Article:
2. Clean up the HAMP scandals.
At the same time the President should announce an investigation into the terrible abuses associated with the HAMP program. He should announce that he will direct the Treasury Secretary to put an immediate stop to "dual-tracking," a bank scam in which homeowners are told that they qualify for assistance while the bank secretly continues foreclosure proceedings against them.
That's part of a cruel overall pattern known as "extend and pretend." It's allowed banks to squeeze thousands more from homeowners, take advantage of a government program meant to keep people in their homes -- and then foreclose on them anyway.
Banks have also exploited the program to trap homeowners in loans under unfavorable terms for the borrower - but which are very favorable for them. They've turned a homeowner assistance program into yet another bank bailout.
As the National Consumer Law Center notes, "HAMP's failure to reach its intended scale has one root cause: massive servicer noncompliance." This underscores the need for national mortgage servicing standards, which the President should announce as a priority during the State of the Union.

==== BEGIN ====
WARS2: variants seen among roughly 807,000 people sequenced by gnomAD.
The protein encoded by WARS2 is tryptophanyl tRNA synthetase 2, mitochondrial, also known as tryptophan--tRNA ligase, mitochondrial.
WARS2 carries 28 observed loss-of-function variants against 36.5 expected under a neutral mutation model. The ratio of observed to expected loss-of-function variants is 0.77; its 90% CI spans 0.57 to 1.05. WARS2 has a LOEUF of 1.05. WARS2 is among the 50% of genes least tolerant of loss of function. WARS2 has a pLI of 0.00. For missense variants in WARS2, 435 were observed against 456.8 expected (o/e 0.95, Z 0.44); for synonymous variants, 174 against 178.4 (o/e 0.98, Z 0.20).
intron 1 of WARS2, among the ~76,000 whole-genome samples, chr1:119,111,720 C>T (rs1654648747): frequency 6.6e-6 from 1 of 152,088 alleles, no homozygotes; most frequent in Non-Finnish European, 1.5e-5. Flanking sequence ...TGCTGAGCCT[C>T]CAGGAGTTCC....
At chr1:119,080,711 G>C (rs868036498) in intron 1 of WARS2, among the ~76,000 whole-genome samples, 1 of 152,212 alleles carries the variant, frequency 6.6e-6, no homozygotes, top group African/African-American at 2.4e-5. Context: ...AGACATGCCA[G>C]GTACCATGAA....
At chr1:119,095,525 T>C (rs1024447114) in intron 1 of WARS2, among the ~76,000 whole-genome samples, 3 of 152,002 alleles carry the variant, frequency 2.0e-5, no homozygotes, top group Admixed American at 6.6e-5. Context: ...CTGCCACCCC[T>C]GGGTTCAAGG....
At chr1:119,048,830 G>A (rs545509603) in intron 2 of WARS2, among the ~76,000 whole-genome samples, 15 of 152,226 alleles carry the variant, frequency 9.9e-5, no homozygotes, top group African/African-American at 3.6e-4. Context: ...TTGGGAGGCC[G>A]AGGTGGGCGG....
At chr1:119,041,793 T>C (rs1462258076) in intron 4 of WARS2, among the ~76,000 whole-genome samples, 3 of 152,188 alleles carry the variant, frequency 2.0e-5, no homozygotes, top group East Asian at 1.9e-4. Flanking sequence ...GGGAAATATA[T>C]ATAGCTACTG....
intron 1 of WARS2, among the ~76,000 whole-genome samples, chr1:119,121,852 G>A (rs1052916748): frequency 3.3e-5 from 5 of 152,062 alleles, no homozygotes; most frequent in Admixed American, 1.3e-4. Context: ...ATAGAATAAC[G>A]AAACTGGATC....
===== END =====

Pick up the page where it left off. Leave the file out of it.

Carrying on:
If whistleblower reports are correct, banks like Bank of America hace also fraudulently abused the program. The President should announce that all such reports will be vigorously investigated.
3. Monitor and enforce the so-called "$26 billion settlement."
From the start, the much-celebrated and misnamed "$26 billion settlement" for massive bank foreclosure fraud has proven to be a disaster - and worse, another Wall Street hoax.
Banks have falsely claimed to meet the settlement's goals when they agree to a short sale on a home in lieu of foreclosure - even though they would have done the short sales anyway for financial reasons. Homeowners are still turned out of their homes, which makes a travesty of a policy that's supposedly intended to keep them in those homes.